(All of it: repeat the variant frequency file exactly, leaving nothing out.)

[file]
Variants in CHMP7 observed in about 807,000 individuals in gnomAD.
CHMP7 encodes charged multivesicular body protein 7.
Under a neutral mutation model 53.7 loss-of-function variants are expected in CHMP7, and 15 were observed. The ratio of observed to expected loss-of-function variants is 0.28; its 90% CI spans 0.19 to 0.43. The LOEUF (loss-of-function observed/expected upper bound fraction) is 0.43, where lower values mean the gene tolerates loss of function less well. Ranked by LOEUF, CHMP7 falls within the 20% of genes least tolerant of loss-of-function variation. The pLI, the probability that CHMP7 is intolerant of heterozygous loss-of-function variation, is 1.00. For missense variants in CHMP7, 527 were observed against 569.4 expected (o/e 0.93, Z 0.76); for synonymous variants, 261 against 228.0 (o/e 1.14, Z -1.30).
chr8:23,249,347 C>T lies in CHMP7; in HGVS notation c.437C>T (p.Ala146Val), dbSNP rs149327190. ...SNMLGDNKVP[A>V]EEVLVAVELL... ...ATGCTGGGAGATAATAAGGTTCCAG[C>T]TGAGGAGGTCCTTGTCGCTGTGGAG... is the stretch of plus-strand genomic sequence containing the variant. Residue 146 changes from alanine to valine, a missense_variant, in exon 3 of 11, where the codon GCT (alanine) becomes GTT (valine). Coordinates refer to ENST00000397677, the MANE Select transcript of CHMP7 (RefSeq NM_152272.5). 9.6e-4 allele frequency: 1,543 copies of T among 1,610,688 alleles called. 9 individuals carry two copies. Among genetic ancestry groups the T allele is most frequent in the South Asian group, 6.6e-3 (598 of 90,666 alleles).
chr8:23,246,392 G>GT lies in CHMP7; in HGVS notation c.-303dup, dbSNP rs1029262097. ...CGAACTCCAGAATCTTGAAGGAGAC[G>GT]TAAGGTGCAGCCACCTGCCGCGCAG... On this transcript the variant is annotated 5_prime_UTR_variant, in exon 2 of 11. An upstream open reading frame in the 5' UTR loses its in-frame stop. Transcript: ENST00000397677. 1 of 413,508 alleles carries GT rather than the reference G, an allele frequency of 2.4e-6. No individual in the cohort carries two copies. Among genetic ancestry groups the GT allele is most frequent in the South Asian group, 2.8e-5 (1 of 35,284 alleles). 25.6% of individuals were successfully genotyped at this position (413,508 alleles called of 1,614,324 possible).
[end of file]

Variants in CHMP7 observed in about 807,000 individuals in gnomAD.
CHMP7 encodes charged multivesicular body protein 7.
Under a neutral mutation model 53.7 loss-of-function variants are expected in CHMP7, and 15 were observed. The ratio of observed to expected loss-of-function variants is 0.28; its 90% CI spans 0.19 to 0.43. The LOEUF (loss-of-function observed/expected upper bound fraction) is 0.43, where lower values mean the gene tolerates loss of function less well. Ranked by LOEUF, CHMP7 falls within the 20% of genes least tolerant of loss-of-function variation. The pLI, the probability that CHMP7 is intolerant of heterozygous loss-of-function variation, is 1.00. For missense variants in CHMP7, 527 were observed against 569.4 expected (o/e 0.93, Z 0.76); for synonymous variants, 261 against 228.0 (o/e 1.14, Z -1.30).
chr8:23,249,347 C>T lies in CHMP7; in HGVS notation c.437C>T (p.Ala146Val), dbSNP rs149327190. ...SNMLGDNKVP[A>V]EEVLVAVELL... ...ATGCTGGGAGATAATAAGGTTCCAG[C>T]TGAGGAGGTCCTTGTCGCTGTGGAG... is the stretch of plus-strand genomic sequence containing the variant. Residue 146 changes from alanine to valine, a missense_variant, in exon 3 of 11, where the codon GCT (alanine) becomes GTT (valine). Coordinates refer to ENST00000397677, the MANE Select transcript of CHMP7 (RefSeq NM_152272.5). 9.6e-4 allele frequency: 1,543 copies of T among 1,610,688 alleles called. 9 individuals carry two copies. Among genetic ancestry groups the T allele is most frequent in the South Asian group, 6.6e-3 (598 of 90,666 alleles).
chr8:23,246,392 G>GT lies in CHMP7; in HGVS notation c.-303dup, dbSNP rs1029262097. ...CGAACTCCAGAATCTTGAAGGAGAC[G>GT]TAAGGTGCAGCCACCTGCCGCGCAG... On this transcript the variant is annotated 5_prime_UTR_variant, in exon 2 of 11. An upstream open reading frame in the 5' UTR loses its in-frame stop. Transcript: ENST00000397677. 1 of 413,508 alleles carries GT rather than the reference G, an allele frequency of 2.4e-6. No individual in the cohort carries two copies. Among genetic ancestry groups the GT allele is most frequent in the South Asian group, 2.8e-5 (1 of 35,284 alleles). 25.6% of individuals were successfully genotyped at this position (413,508 alleles called of 1,614,324 possible).